Having the responsibility of care for a family member with any form of disability can be a huge burden. While definitely not easy by any stretch of the imagination when the family member is young, it can be infinitely more difficult once they grow into adulthood. Many in fact find that it’s too much, and seek other viable alternatives to having the family member in question stay with them in their own home.
I’ve recently found myself in such a position. My daughter, who has Down’s Syndrome, has now reached the age of 20. While her condition has always taken its toll on our family at times, now that she’s entered adulthood, the last few years have become increasingly difficult for all of us. It’s now reached a point where we need to seek outside assistance. Not just for my daughter’s sake, but also for our own. The last few years have been really tough on all of us.
The good news is that there are many options out there. While we’re still not sure on which route to take, residential care is definitely the main consideration, and the route that we’re most likely to go down.
The following is intended for anyone in our current position. It’s a short summary of the main things that you need to know if you’re considering it. The information comes from our own research from over the last couple of months.
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Different Levels of Care
There are different levels of care on offer. While this may seem obvious to some people, others are still under the impression that unless the learning disability of your family member is severe, no care is available. This couldn’t be further from the truth. Here’s a quick summary of the levels of care on offer:
Residential care homes: These will have carers either on site or on call 24/7. There won’t, however, be nurses on site. These are best for family members with less severe disabilities, but who still need basic levels of care such as assistance with cooking and cleaning. These also provide a wide range of activities and days out, to keep your family members entertained.
Care homes with nursing: These offer the most intensive levels of care. Along with 24/7 access to carers, these homes also offer nurses either on-site or on-call. These are best for family members with a learning disability that can also make them physically unwell.
Do the necessary groundwork. There are more than likely an abundance of care homes in your local area. A simple Google search will more than likely reveal as much. The problem is, while some homes offer an excellent level of care, and are well worth the money, there are some bad apples that should be avoided at all cost. Take the following steps to sort the good from the bad:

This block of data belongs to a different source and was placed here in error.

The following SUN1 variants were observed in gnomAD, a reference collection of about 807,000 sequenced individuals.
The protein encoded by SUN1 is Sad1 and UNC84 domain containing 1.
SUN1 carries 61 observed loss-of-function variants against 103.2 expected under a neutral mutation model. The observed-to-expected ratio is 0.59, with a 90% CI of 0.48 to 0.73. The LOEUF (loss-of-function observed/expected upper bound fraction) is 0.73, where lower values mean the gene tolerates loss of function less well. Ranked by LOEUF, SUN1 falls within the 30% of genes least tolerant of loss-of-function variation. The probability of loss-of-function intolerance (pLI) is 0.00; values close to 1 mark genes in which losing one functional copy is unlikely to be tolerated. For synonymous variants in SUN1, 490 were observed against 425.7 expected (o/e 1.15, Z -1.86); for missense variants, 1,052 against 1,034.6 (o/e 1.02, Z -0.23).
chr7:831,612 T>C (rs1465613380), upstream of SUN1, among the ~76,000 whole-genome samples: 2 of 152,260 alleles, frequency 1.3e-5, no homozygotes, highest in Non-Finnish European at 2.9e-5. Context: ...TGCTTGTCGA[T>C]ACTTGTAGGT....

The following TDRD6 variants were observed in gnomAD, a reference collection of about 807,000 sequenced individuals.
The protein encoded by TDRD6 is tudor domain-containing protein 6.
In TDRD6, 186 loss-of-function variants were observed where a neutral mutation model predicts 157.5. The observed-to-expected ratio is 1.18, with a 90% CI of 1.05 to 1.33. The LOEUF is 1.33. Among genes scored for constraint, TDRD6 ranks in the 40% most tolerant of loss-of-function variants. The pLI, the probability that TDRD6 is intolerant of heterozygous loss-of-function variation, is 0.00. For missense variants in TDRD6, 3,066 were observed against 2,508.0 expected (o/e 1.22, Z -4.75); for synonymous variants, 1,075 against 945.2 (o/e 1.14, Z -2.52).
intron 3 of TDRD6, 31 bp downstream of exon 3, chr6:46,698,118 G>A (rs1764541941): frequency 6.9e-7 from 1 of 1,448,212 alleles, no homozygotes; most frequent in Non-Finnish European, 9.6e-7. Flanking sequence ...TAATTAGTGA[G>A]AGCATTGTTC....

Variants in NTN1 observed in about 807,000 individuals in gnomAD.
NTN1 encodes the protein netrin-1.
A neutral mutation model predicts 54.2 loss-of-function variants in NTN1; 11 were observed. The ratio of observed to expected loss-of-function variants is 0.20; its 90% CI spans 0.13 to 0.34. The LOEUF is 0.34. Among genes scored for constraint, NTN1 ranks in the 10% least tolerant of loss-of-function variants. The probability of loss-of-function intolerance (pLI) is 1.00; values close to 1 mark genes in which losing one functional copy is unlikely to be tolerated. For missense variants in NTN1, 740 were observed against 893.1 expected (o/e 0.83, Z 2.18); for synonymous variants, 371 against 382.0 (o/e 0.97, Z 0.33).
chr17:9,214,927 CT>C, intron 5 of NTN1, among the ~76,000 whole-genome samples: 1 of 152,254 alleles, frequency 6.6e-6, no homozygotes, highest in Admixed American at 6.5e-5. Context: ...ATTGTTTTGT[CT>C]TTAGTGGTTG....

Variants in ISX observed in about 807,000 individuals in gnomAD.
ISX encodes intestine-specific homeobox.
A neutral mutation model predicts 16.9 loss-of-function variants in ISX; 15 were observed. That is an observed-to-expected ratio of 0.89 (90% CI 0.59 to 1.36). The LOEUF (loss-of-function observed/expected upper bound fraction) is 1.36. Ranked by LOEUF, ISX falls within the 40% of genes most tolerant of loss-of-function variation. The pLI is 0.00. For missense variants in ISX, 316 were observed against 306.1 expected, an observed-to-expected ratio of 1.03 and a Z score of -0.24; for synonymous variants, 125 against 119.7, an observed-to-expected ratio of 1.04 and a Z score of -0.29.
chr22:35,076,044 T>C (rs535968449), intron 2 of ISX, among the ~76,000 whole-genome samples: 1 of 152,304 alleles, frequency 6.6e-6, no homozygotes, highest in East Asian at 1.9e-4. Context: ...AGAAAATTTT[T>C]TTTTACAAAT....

- Request to see ‘A service user’s guide’. Every home should be able to provide one. While no home can be expected to note down their bad points in these guides, they can prove a useful method of assessing the suitability of the day to day activities and the level of care on offer.
- Inspect the contract closely. Things that may seem trivial at the time could have a huge impact on the amount you and your family will have to pay. Some homes charge extra for things which others include in the initial fee.
- If in the UK, be sure to request a copy from the recent Care Quality Commission inspection. This can give a real insight into how things really are. If you aren’t UK based, there will be something similar on offer. Just ask in any local care home, or contact your local council.
- Turn up un-invited. If you schedule an appointment, they’re more than likely to prepare for your visit by putting an unusual level of effort in for that particular day. Sadly, this level of effort won’t be the norm. By turning up unannounced, you’ll be able to see how things run day to day, ‘warts and all’. Look out for the following things to distinguish a good home from a truly excellent home:
- A warm welcome
- Personal touches in the rooms. They shouldn’t see your family member as just a number.
- A clean, but not ‘sterile’ environment. It should feel like home, not a hospital.
- Have a look round at how other residents are being treated. If they generally look satisfied and comfortable, that’s a good sign. Pay special attention to how the carers handle residents if you don’t think they’re aware that you’re watching.
- What level of independence are the residents allowed by the carers? Not allowing a resident to feed themselves because it takes more time is a very bad sign indeed. Residents should still be able to retain a certain level of independence.
- Do the carers act professionally, while still being able to build a rapport with residents?
- What is the atmosphere like? Is this a place you’d like to be situated if you were in a similar position? If it’s not good enough for you, it shouldn’t be good enough for your family member, in my personal opinion.
- When (or if) you’re being given a tour by a member of staff, how attentive are they? Do they ask relevant questions to assess the needs of your family member? A mark of a truly great home is if they not only focus on the resident, but also on you and the rest of your family. Do they ask about you, and how you feel about this major transition? If they start asking these sorts of questions, you may be onto a winner.
- What sort of activities are on offer? Is there a wide range available? Is there ample opportunity to stay in-touch with the outside community? All of these things are very important to consider. It wouldn’t be fair leaving a family member in a place where they’re miserable.
Believe it or not there’s actually more to it than this. But these are the absolute must-do’s when taking a home into consideration. I hope this will be of help to you and save you some time on the research required for such a thing.
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